San Diego Nanoengineers Create the First Rub-On Tattoo Glucose Sensor

It seems like researchers are always testing devices that will forever eliminate the finger prick, yet the finger prick endures. The latest offering has a new twist: a tattoo.

Published in the journal Analytical Chemistry, Joseph Wang, nanoengineering professor at the University of California at San Diego and Director at the Center of Wearable Sensors and colleagues report on having developed the first rub-on tattoo / glucose level detector.

Their initial device was a wristband that detected glucose levels but patients didn't like it; the irritation to the skin proved worse than pricking their fingers with a conventional device and the team discontinued it.

Enter the rub-on tattoo.

What It Does

Through some clever engineering, Wang's team developed a wearable, non-irritating platform that is able to detect glucose in the patient's fluid just under the skin. They describe it as:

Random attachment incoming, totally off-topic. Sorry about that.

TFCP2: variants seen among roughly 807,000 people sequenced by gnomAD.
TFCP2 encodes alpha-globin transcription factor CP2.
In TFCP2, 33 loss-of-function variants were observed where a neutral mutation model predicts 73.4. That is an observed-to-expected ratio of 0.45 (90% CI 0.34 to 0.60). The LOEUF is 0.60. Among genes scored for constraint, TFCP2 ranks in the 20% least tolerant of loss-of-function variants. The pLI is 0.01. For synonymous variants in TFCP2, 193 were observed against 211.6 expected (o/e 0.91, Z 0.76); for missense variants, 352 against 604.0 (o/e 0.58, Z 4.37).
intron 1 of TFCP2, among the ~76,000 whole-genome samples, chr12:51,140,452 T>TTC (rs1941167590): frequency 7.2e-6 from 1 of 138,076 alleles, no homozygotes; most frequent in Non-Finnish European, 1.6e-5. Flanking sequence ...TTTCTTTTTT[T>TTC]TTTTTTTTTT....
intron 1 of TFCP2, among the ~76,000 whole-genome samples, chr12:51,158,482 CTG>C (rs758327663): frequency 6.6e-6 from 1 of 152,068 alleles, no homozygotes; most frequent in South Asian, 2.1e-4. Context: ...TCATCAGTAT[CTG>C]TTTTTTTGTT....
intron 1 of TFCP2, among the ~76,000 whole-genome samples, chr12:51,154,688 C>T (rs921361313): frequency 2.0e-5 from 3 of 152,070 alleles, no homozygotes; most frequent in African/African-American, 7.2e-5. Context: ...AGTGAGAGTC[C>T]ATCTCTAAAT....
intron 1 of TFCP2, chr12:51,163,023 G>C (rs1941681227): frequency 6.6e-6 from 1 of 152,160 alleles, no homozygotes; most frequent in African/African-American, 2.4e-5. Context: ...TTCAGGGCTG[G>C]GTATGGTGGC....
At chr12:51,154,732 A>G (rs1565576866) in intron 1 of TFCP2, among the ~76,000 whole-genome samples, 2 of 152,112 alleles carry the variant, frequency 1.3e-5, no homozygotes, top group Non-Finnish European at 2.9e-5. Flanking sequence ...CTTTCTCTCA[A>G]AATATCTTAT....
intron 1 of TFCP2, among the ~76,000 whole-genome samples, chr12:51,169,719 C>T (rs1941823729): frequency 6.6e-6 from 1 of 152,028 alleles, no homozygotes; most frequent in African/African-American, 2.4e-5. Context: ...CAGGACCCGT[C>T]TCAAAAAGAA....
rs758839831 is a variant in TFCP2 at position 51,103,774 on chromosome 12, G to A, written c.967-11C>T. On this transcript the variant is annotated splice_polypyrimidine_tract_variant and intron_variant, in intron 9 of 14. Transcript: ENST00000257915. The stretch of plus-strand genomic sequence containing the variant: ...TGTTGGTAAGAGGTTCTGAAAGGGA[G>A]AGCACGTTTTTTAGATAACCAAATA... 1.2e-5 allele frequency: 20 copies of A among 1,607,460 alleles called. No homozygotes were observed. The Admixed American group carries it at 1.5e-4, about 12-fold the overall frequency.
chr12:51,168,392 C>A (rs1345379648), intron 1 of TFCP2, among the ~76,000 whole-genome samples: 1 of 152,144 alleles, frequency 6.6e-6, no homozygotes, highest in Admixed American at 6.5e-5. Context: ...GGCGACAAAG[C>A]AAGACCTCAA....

... an easy-to-wear flexible tattoo-based epidermal diagnostic device combining reverse iontophoretic extraction of interstitial glucose and an enzyme-based amperometric biosensor.

The device, which includes two reverse iontophoresis electrodes, was first transferred to the participants' skin. Researchers then applied a small but constant electric current between the electrodes for 10 minutes, which extracted ISF glucose to the skin's surface. An enzymatic electrochemical glucose sensor was then used to measure the glucose. This process took another five minutes.

This concept study featured just seven volunteers, none of whom reported having diabetes.

Nonetheless, the device was found capable of accurately determining glucose levels. How did they know? They correlated the response of the sensor with commercial glucose meters.

Their conclusion is that this is a potentially useful device for diabetes management.

Source: Tattoo-Based Noninvasive Glucose Monitoring: A Proof of Concept Study

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